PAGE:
On August 22, 2004, The Scream would once again be a target - although this time it was different version - but just as brazen. According to TIME, "Armed men walked into the museum and carted off Munch's archetypal image of contemporary anxiety along with a ghostly masterwork, Madonna. They knew exactly where the paintings were and took them down from the wall," said Jorunn Christophersen, head of information for the Munch Museum, in speaking with CNN. After threatening staff and museum goers with a .357 Magnum pistol, they disappeared. Most assumed it was another attempt to try and sell one of Munch's works on the black market.

Two hours later, less than a mile away, the police found shattered wooden frames and glass from the stolen works - a discovery that caused art experts to fear that the two treasures might already have been damaged. It was the last time any pieces of The Scream would be seen in public for over two years.

Prior to the 2004 Scream heist, there was another brazen robbery in Oslo that had captured nearly the entire police force's attention after thieves successfully entered Norsk Kontantservice (Nokas), a cash transport service in the basement of Norway's central bank. As The Guardian reported, "At about 8 A.M. on April 5 2004, a man drove a large white van in front of the police station in Norway's cathedral city of Stavanger. Another man got out of the cab, walked to the main door holding a canister of tear gas, pulled the pin and threw it inside. The two men drove off in a passenger car, the van bursting into flames as they fled. At that same moment, the police started receiving calls of a robbery in progress at the offices of Norsk Kontantservice (Nokas). Five men wearing black overalls, gas masks and helmets had entered the building carrying bags stuffed full of equipment. Another three, armed with automatic weapons, had taken up strategic positions at the junctions of two nearby streets."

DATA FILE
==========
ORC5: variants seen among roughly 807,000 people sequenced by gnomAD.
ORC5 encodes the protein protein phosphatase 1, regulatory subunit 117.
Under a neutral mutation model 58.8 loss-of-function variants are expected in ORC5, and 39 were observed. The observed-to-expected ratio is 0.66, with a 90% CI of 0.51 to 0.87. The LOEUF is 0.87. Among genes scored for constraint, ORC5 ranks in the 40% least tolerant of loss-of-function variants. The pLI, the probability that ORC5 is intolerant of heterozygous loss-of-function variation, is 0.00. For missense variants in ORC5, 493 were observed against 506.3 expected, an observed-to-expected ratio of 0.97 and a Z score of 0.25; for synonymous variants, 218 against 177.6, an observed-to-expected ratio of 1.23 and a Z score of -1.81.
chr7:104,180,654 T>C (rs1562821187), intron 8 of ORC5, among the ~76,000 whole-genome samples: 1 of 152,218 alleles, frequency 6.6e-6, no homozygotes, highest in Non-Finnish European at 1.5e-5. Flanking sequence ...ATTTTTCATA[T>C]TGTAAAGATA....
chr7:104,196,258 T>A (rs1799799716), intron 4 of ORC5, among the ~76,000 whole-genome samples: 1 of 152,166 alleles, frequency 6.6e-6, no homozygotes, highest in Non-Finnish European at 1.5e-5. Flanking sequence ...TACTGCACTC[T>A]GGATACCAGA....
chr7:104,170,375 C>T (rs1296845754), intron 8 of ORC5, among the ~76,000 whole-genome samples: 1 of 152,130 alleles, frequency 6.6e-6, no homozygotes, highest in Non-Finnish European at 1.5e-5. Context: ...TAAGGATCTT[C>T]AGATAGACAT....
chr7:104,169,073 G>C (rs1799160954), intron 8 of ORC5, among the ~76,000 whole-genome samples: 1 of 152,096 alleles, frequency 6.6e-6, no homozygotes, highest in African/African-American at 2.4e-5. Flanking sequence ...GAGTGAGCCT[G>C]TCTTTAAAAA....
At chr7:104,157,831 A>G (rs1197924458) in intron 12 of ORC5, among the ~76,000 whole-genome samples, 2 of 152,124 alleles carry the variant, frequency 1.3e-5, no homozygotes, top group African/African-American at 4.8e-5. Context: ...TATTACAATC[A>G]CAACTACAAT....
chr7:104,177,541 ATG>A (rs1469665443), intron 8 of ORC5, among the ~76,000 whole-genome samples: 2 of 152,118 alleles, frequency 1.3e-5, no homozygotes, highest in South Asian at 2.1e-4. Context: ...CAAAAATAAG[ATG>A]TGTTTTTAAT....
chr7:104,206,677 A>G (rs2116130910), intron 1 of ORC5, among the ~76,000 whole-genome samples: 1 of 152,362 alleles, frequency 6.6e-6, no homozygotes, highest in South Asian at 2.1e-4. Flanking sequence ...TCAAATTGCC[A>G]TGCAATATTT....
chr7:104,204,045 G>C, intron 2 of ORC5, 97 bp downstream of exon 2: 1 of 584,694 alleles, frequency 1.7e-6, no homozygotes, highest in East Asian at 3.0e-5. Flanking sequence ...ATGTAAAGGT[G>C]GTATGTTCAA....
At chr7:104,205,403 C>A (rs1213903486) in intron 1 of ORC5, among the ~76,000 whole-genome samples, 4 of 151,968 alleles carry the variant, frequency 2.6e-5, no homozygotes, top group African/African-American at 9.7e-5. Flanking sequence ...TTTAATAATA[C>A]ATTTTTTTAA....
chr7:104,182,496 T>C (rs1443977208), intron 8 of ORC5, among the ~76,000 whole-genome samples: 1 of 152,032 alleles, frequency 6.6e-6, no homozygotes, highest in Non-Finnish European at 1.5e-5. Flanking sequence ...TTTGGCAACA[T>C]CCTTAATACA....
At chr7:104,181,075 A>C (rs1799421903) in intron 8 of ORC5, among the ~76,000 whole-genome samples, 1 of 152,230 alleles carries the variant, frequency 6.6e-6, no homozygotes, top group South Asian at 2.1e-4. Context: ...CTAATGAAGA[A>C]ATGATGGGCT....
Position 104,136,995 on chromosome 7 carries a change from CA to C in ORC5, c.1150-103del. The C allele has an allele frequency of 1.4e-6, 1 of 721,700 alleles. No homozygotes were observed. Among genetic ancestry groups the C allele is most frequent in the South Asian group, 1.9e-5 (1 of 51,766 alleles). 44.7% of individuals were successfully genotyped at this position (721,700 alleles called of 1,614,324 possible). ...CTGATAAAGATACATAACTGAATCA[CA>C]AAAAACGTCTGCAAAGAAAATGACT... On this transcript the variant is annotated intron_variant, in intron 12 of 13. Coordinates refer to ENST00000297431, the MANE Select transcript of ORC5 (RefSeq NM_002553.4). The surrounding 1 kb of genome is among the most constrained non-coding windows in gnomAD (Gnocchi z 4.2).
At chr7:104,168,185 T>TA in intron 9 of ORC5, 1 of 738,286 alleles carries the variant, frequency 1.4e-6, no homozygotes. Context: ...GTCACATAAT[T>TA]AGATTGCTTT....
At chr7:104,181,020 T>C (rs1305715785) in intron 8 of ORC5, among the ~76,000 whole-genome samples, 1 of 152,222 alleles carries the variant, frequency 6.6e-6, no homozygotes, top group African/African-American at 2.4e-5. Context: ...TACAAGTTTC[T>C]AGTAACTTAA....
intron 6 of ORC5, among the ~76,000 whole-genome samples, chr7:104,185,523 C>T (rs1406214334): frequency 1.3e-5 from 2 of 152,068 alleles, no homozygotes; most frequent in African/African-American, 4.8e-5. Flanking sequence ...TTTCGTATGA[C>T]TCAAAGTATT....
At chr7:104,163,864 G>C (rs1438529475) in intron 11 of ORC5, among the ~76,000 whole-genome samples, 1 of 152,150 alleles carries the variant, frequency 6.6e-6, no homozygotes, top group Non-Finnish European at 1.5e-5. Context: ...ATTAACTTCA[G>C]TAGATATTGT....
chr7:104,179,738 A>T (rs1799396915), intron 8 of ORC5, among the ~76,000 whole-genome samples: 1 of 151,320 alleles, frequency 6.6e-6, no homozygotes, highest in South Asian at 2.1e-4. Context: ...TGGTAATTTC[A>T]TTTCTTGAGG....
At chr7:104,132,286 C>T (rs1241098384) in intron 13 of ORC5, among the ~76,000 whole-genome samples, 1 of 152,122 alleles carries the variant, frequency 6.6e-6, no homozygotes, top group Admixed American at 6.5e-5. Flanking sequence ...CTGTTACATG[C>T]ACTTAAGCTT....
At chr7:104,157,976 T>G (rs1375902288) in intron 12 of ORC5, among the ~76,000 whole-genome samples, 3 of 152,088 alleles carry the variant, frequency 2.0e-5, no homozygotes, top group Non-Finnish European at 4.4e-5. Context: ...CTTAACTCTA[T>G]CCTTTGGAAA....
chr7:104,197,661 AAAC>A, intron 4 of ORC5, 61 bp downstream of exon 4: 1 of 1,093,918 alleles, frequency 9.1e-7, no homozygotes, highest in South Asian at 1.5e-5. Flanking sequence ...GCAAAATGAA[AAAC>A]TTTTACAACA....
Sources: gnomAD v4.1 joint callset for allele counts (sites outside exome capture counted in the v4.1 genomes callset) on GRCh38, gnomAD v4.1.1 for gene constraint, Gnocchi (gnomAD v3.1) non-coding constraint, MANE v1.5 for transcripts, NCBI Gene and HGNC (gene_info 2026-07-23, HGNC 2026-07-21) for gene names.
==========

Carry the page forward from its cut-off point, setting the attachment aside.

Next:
In the aftermath of the robbery, the thieves made off with £5m in untraceable cash - leaving behind one dead police officer who had traded fire with the robbers. Following the theft of The Scream, investigators began to wonder if the taking of the painting itself was a smokescreen to alleviate the spotlight that the robbers were facing after only the seventh police officer death in postwar Norway.

Investigators focused their attention on David Toska, a career criminal, believing he was not only the mastermind behind the NOKAS robbery, but also the one responsible for hiring/executing the subsequent theft of The Scream. Toska was eventually arrested in Malaga and charged with the NOKAS robbery, but prosecutors couldn't make a definitive link between the cases.

On August 31, 2006, police announced the recovery of The Scream but provided little details as to how they got it back. "For two years and nine days we have been hunting systematically for these pictures and now we've found them," Iver Stensrud, who headed the police investigation, said at a news conference in Oslo. "It is a happy day for us in the police, for the owners of the paintings, and not least for the public, which will soon be able to once again admire the paintings."

For more about art thefts, read about the pilfering of the Mona Lisa here.